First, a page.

Four stars of the 2019 Le Mans 24 Hours

17th June 2019
Goodwood Road & Racing

Toyota could only defeat itself for overall victory at the Le Mans 24 Hours this weekend, which says it all about the lack of competitiveness in the top class at the great endurance race.


But Toyota has always had a tendency towards drama – and sure enough, without anyone but itself to race against, the Japanese manufacturer still managed to throw up a tantalising motorsport story this year.

Meanwhile, the lesser classes put on some great racing to keep the huge crowds hooked all the way from 3pm on Saturday to 3pm on Sunday.

Here are some of the standout heroes of the 2019 Le Mans 24 Hours.


Mike Conway

It was surprising just how much quicker the #7 Toyota TS050 HYBRID was than its sister, from the first qualifying session on Wednesday evening to the end of the race. But that didn’t mean Briton Mike Conway, teamed with Kamui Kobayashi and Jose Maria Lopez, left Le Mans with the first Le Mans victory he deserved at a race that counts for more than any other in the world of sports car racing.

Conway put in a heroic performance this weekend, marking himself out as probably the best sports car racer in the world right now, and he fully deserved to finally win the ‘big one’. But like his countryman Anthony Davidson before him, Toyota’s British star appears to lack the sprinkling of luck that is required to secure a Le Mans win.

As the 24th hour approached, Lopez had pitted but was immediately informed he had a puncture. The sensors suggested the right front was the problem, but it turned out to be the right rear. Whatever, it required another stop – which handed the lead and victory to the #8 crew.

That means Fernando Alonso, along with team-mates Sebastien Buemi and Kazuki Nakajima, is a two-time Le Mans winner – but the trio, who have also now secured the 2018/19 World Endurance Championship titles, knew they did not deserve the victory on this day.

Conway will just have to come back and try again. But right now, this one will hurt.


Nicolas Lapierre

The Frenchman, formerly a Toyota LMP1 ace, has reinvented himself as a star in the secondary LMP2 class – and remarkably now remains unbeaten at Le Mans in four attempts at the category.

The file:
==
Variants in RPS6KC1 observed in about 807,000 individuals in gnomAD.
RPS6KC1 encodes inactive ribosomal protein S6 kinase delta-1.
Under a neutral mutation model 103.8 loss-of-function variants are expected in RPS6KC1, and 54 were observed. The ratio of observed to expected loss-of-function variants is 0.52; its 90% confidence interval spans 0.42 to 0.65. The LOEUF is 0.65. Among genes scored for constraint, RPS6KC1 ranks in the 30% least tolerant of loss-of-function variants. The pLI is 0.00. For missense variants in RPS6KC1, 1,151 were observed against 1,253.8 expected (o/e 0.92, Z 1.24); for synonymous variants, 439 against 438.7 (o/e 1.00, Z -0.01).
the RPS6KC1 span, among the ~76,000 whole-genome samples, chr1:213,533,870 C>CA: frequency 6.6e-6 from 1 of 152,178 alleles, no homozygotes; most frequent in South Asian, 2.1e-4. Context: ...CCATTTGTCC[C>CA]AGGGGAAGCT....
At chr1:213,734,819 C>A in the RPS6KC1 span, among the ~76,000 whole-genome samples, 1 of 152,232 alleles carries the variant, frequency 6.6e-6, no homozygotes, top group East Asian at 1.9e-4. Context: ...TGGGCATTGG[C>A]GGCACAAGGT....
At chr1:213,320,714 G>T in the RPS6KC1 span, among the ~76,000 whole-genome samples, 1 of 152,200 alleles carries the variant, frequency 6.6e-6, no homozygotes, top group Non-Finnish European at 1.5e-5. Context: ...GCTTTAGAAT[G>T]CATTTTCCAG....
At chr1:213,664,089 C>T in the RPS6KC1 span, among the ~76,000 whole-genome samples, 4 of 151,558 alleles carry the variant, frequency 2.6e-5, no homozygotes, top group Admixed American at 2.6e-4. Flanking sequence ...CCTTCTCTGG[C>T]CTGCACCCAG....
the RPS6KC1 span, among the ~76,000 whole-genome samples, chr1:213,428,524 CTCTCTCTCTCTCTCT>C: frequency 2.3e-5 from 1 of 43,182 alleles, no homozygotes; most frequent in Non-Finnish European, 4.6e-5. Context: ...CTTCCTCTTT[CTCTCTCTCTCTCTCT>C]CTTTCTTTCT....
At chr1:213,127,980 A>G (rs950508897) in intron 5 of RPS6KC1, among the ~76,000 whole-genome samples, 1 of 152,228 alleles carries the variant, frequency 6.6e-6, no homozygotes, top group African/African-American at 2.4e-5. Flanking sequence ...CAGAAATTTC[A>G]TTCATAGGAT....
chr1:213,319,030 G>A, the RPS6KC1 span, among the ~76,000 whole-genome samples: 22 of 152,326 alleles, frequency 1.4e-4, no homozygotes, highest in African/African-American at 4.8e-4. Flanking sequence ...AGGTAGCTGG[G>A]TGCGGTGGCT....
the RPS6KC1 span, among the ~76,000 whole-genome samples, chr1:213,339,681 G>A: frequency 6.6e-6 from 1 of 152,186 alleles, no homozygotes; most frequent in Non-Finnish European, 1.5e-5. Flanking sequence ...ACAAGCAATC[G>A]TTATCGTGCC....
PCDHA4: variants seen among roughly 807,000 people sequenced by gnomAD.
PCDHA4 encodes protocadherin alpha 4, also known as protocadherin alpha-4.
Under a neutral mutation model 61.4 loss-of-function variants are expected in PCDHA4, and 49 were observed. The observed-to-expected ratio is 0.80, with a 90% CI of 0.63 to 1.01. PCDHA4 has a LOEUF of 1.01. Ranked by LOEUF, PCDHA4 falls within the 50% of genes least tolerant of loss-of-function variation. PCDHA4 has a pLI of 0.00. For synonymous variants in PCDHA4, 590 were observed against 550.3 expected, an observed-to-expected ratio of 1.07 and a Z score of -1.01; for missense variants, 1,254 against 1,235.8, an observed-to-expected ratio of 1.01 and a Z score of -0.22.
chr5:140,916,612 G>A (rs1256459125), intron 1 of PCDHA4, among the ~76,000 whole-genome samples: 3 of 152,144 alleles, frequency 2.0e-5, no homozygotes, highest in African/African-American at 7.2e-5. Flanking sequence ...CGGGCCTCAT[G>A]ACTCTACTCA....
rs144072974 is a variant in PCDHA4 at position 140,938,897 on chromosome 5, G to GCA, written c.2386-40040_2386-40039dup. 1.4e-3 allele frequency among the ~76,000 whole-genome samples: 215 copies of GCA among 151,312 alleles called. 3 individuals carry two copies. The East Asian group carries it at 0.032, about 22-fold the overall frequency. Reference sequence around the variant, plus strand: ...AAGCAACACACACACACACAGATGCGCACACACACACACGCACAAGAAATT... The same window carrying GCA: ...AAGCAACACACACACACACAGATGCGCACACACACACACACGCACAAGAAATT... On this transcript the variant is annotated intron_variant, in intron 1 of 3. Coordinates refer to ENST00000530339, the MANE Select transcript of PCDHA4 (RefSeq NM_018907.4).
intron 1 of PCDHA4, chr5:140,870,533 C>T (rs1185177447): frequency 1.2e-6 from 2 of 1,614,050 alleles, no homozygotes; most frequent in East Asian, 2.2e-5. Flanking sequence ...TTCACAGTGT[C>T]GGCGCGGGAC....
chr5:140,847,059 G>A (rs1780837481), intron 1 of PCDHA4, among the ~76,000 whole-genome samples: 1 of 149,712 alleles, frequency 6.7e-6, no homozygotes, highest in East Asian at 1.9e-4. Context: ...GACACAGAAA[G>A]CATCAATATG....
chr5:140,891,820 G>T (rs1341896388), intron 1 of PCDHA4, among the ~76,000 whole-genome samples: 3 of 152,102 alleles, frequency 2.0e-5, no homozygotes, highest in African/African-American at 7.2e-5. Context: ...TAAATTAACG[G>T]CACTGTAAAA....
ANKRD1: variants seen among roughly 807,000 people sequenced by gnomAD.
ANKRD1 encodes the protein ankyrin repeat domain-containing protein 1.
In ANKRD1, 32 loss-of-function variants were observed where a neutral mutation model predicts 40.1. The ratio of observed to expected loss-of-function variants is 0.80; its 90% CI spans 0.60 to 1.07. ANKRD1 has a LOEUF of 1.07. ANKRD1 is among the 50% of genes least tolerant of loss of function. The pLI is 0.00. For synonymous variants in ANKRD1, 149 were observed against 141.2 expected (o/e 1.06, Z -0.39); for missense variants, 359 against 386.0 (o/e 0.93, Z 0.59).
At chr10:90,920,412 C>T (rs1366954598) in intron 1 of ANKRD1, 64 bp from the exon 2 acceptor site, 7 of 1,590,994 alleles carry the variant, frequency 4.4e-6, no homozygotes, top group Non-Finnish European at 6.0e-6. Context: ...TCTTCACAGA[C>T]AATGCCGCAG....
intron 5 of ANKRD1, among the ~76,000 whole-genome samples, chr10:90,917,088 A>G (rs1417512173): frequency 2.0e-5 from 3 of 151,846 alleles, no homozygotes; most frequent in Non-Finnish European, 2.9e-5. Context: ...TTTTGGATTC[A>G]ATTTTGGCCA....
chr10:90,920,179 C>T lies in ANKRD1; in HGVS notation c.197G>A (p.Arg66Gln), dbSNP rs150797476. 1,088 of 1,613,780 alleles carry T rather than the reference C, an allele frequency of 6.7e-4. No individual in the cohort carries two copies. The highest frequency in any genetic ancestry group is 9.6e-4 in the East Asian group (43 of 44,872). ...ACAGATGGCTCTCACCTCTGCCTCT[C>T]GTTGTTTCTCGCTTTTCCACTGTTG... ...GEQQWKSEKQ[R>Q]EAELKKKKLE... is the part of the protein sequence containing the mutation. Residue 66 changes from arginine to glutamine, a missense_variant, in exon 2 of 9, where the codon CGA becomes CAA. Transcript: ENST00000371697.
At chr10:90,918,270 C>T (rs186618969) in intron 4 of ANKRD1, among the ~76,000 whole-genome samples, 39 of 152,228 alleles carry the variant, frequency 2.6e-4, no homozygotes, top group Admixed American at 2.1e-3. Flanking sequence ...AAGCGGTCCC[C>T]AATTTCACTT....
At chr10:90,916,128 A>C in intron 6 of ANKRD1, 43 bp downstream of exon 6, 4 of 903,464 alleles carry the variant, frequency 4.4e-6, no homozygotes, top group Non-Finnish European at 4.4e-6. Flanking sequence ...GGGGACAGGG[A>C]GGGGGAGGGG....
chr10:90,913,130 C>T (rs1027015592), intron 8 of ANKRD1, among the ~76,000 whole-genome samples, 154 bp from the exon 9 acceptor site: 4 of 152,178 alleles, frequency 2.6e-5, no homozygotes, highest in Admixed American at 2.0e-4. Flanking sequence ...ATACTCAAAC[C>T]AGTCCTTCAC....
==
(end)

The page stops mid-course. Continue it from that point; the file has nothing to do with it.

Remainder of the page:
Lapierre scored his third victory for the Signatech Alpine team with team-mates Andre Negrao and Pierre Thiriet, but admittedly only after misfortune befell the team’s main rival. G-Drive had led the class for most of the way until the 19th hour, until a starter motor problem cost it 20 minutes in the pits.

That meant further disappointment for Jean-Eric Vergne, the former F1 driver and current Formula E champion who won the race last year with G-Drive only to lose it when the team was disqualified for using an illegal refuelling rig.

Redemption looked set to be on the cards this year, but it was not to be – and Lapierre and co were the beneficiaries once again.


James Calado

The former single-seater driver had the talent to make it to Formula 1, but is yet another to have fallen by the wayside before he got his chance. The Briton has since reinvented himself as a GT star in the World Endurance Championship and took a deserved Le Mans win on Sunday.

Teamed with Italian Alessandro Pier Guidi and Brazilian Daniel Serra, Calado led AF Corse’s challenge and delivered Ferrari’s 488 GTE another victory in the Pro class, defeating the sweet-sounding Porsche 911 RSRs.

The challenges from Corvette and Aston Martin both wilted, but thanks largely to Calado, Ferrari can add another class win to its tally at the Circuit de la Sarthe.


Ben Keating

The American became the first to run a privateer Ford GT at Le Mans – and his eponymous team was rewarded with a class win in the GTE Am class.

The talents of experienced Dutchman Jeroen Bleekemolen led the charge in the striking purple and orange Wynn’s-backed Ford, and the team’s success ensures a happy send off from Le Mans for the Blue Oval’s potent racer, despite the four works cars failing to make the podium in the Pro class. They did, however, all make the finish, classified in fourth, fifth, sixth and seventh in the category.

Overall, the 2019 race will not and cannot be remembered as a classic Le Mans. But one way or another, it will certainly not be forgotten by those who stamped their mark on it – for better and for worse.

Images courtesy of Motorsport Images.

  • Le Mans 24

  • Le Mans 24 2019

  • WEC

  • Motorsport

  • Ben Keating

  • James Calado

  • Nicolas Lapierre

  • Mike Conway

  • wec-2021-bahrain-conway-kobayashi-lopez-toyota-gr010-mi-main-goodwood-01112021.jpg


    Toyota wraps up WEC with a round to spare in Bahrain

  • 2021_fia-wec-entry-list-sidebar.jpg


    Updated: WEC 2021 cars and drivers

  • le-mans-preview-mi-main.jpg


    2022 Le Mans 24 Hours preview